Indeed, this is something that will be in our consideration over a period of time. Once customers get more familiar, get used to and more comfortable with the availability of CNC, it will be fine. However, till that time, there will be a worry in people's minds about the availability of CNG. By having 35 litres of petrol, they get that extra peace of mind.
Do you see this giving the benefit of standardisation till you achieve it?
Yes. The line does not have too much complexity. When a CNG car comes in, we add the relevant parts and keep the petrol parts as they are.
Some companies have developed toroidal tanks to accommodate LPG to optimise boot space. Is Tata Motors working on something similar?
The pressures levels of CNG and the fuel itself make it difficult with toroidal tanks. Can it not be done at all? Well, maybe it can be, but let's say the current level of expertise available in our vendor base and what is acceptable to those who certify vehicles – everyone is more comfortable with the current type of cylinder. Over a period of time, other types of cylinders will also come in. As and when that comes, we will be open to that idea.
CNC burns hotter than petrol and therefore calls for better lubricants and thermal management from the engine point of view. Can you help me understand how you have managed these issues?
CNG burns hotter than petrol, and the parts affected by this are the valve seats and the valves. So, the material used for these parts needs to be different from the ones used for petrol. Moreover, as CNG is more corrosive, the material used must be suitable. So, that is the change that we had to make in our engine architecture.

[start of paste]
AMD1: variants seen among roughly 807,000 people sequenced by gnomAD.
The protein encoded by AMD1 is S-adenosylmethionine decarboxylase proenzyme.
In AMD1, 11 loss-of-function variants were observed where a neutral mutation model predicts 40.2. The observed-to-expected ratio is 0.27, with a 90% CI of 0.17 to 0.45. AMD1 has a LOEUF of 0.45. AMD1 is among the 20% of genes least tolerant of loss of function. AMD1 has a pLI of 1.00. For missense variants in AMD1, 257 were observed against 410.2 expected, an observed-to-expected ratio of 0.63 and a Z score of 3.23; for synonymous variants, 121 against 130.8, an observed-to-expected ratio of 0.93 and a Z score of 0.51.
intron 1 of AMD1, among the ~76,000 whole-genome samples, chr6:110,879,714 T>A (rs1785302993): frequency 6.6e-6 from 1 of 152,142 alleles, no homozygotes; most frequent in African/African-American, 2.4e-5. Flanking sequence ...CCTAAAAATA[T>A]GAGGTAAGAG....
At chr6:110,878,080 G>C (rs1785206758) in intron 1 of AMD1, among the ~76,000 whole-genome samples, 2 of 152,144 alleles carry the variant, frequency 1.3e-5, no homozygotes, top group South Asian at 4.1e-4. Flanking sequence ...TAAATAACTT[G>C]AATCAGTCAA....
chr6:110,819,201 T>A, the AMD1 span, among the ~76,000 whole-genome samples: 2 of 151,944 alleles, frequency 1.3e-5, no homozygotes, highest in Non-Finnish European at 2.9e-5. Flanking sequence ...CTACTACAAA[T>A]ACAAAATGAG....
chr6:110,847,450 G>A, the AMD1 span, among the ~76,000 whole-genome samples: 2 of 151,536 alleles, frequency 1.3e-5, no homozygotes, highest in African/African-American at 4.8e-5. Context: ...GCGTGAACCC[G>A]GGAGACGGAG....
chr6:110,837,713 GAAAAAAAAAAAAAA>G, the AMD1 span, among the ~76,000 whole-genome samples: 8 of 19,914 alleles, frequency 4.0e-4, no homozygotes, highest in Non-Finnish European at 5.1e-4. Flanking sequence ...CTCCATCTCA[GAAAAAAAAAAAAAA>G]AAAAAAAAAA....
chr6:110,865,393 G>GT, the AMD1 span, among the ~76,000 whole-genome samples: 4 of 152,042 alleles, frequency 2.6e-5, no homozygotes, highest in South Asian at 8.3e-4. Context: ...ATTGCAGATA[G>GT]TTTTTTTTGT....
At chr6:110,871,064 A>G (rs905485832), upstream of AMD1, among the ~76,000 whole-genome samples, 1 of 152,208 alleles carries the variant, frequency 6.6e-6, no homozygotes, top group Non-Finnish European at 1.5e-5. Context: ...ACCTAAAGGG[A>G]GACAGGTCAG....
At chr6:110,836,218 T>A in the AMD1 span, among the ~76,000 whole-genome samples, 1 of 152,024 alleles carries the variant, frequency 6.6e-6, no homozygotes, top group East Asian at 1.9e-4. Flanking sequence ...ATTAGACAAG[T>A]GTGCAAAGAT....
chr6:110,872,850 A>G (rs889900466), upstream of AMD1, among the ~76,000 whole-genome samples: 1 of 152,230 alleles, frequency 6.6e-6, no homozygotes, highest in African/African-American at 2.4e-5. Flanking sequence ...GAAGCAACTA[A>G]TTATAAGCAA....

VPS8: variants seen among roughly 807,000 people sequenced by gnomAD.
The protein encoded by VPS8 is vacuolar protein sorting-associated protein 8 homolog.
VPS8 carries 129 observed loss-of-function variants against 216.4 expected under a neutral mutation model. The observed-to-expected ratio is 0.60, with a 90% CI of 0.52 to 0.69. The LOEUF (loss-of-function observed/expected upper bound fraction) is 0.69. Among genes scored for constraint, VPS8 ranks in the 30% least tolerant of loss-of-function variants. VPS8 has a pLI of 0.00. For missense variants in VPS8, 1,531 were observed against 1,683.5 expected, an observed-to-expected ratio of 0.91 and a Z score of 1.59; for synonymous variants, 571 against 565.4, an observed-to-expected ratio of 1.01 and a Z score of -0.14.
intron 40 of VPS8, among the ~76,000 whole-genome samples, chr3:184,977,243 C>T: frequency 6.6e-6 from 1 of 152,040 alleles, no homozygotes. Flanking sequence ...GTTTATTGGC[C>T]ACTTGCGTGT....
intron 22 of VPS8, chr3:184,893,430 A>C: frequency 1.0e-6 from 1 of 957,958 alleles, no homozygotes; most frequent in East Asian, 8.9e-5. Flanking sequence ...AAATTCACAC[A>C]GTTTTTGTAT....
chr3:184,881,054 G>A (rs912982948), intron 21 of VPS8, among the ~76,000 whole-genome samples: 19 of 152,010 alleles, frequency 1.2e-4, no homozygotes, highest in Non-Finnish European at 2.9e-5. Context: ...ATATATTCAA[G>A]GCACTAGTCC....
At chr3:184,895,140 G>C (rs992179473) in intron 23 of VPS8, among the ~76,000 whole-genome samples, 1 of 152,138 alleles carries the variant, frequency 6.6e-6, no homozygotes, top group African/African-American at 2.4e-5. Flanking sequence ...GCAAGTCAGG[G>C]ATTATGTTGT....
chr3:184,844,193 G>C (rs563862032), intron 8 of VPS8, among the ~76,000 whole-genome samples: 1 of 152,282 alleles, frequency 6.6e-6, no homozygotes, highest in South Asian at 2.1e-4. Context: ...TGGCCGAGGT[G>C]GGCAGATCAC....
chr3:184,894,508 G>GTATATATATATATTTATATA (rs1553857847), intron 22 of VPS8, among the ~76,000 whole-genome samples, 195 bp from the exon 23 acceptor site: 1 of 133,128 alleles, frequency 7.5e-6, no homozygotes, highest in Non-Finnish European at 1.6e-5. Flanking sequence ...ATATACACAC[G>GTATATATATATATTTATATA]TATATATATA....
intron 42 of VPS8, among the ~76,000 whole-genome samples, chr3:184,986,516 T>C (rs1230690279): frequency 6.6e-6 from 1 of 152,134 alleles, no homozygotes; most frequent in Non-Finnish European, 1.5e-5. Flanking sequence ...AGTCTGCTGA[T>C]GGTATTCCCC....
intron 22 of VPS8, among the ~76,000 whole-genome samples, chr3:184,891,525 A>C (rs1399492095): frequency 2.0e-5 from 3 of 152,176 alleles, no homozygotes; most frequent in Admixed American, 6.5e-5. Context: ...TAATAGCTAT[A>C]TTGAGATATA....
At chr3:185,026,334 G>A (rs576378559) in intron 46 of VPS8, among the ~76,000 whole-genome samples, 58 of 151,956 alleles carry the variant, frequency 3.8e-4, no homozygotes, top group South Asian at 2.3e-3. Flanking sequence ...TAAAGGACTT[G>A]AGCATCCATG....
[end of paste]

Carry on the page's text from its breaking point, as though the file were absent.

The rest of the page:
The lubrication also plays a tricky part and has to be managed. However, our engineering team has ensured that we could still manage with the CNG with some tweaks in the way it is lubricated.
Was any special kind of lubricant used?
The lubricants that we have been using have served this purpose. We do not have to change. Our team could manage in such a way that the existing lubricants are suitable. However, we need to cool the engine better while running on CNG. So the bi-fuel engine has a cooling system suitably tweaked, especially the operation of the cooling fan and the temperature of the water.
What are the changes made to the BIW of iCNG cars?
The BIW of the iCNG car is not the same as we brought in changes mainly in terms of reinforcements to the floor on the rear end to take care of the additional weight.
What is the mileage that can be expected out of iCNG cars?
Our CNG cars have a range is 300 km per charge.
What kind of changes have you witnessed when you are replacing petrol and diesel with this CNG in the assembly line concerning TAKT time?
By assembling iCNG cars, we are adding more parts. As we cannot alter the TAKT time, we have increased the work content. If we need some extra minutes for additional work content, it is necessary to spread it out in the line so that the TAKT time is not affected.
Do you see the iCNG giving extended life to internal combustion technology in future because you can play around with containing emissions and cater to the carbon-neutral objectives?
If the question is will it solve the problem fully? It doesn't. Is it a step in the right direction? Yes. So to that extent, we get some gains. But then, ultimately, for the CO2 targets, there may be many solutions required beyond CNG also.